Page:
Our image, our patients' safety

Kepshire, Bob RN, MS, MA

Nursing:
doi: 10.1097/01.NURSE.0000360440.11957.3a
Departments: Editorial
In Brief

We expect individuals in various professions to look a certain way. How about us, as nurses? Over the past several years, there's been a negative trend in how we look in the workplace. Why has this happened, and what does it say about our profession?

Author Information

Consulting Editor

meninnursing@wolterskluwer.com

What would you think if you called the police to respond to your home and the officer showed up wearing a superhero costume? Or, if you went to an attorney's office for the first time to set up your will and the lawyer was wearing a tee shirt? I imagine that in both of these scenarios you'd be bothered by their appearance. And I'm sure most of you would call the police station to talk to the officer's supervisor or walk out of the lawyer's office. Why? Because we expect individuals in various professions to look a certain way.

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It's quite possible that the cop in the costume was the best law enforcement officer in your community. And that lawyer in the tee shirt graduated top in her class from Harvard. How about us as nursing professionals? How many times have you seen a colleague in an un-ironed set of scrubs? Do any of your coworkers wear shoes in the hospital that look like they've been worn while doing yard work?

I think it's safe to say that we've all seen some unprofessional work attire on colleagues. Unfortunately, over the past several years, there's been a negative trend in how nursing professionals look in the workplace. Why has this happened, and what does it say about us?

Over the course of my nursing career, I've had the privilege to work at several reputable healthcare organizations. Additionally, I've visited countless other hospitals across the country. In many facilities, it was difficult to discern nurses from environmental services personnel!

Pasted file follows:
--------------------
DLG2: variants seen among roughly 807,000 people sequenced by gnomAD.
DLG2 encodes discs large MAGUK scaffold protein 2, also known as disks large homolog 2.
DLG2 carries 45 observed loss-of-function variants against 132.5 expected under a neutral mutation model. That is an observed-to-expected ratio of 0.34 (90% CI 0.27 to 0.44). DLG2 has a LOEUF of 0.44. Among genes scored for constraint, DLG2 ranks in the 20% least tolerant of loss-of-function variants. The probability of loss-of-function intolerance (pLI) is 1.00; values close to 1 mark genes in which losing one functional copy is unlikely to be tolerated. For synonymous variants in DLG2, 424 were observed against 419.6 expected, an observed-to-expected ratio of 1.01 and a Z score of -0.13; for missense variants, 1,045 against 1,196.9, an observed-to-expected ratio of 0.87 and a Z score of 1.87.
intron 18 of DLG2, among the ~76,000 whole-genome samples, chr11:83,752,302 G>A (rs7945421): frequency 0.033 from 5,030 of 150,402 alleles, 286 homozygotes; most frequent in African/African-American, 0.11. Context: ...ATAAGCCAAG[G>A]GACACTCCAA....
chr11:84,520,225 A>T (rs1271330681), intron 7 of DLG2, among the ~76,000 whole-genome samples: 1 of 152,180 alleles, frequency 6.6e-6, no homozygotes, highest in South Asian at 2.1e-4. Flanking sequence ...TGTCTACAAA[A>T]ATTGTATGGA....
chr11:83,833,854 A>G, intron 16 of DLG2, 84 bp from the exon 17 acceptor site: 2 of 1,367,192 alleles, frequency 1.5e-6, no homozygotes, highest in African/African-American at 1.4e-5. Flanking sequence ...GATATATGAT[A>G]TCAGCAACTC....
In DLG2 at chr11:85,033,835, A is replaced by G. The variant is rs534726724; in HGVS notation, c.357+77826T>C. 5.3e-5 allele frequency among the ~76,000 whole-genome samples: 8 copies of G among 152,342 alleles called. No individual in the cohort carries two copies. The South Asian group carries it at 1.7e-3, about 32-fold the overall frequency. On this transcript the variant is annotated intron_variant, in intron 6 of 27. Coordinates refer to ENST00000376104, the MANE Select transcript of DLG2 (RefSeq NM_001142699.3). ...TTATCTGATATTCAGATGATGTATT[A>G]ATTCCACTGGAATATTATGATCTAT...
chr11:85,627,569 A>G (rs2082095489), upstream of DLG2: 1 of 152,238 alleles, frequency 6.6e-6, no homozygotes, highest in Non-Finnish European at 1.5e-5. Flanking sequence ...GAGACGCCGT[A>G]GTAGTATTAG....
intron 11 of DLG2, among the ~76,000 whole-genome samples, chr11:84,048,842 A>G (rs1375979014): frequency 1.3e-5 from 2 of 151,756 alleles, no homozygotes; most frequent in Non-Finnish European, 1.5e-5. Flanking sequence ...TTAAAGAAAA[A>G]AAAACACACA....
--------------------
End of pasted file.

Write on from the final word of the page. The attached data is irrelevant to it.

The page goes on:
I know what some of you may be thinking, “It's not the uniform that makes the nurse, it's what he/she knows and how he/she interacts with the patient.” And to a point, that line of thinking is somewhat true. But looking back at my opening paragraph, when it comes to how we evaluate those we want a service from, we do in fact judge their appearance.

How one looks does indeed help to instill a sense of confidence and trust. Given the nature of our business, I think that goes a long way with helping to make our patients feel safe and secure. I also believe that looking professional as well as acting professional sends a message of confidence that patients pick up. What innocently began as an effort to be unrestrictive has morphed into a mess…a hodgepodge of different colors, prints, and now sweats!

So many people come in and out of a patient's room on any given day; the patient and visitors many times can't distinguish who's who. I've heard of situations in which the patient or family has relayed clinical information to a person wearing scrubs (thinking that they were speaking to a nurse), only to later realize they were talking to a food service aide. This scenario says something about the overall coordination of care, but it also highlights the need to take a critical look at nursing dress code practices.

The good news is that this whole issue seems to be getting more attention. Over the past several months, I've heard and received more and more communication regarding the need to tighten-up hospital dress codes. It's not about taking away a nurse's free expression, it's about patient safety and making a visual statement regarding nursing as a profession. So, I'm challenging you all to take a look at how your peers are dressed and ask yourself if it communicates professionalism. If the answer is “no,” be willing to raise the question and advocate for a change.

Bob Kepshire

Consulting Editor

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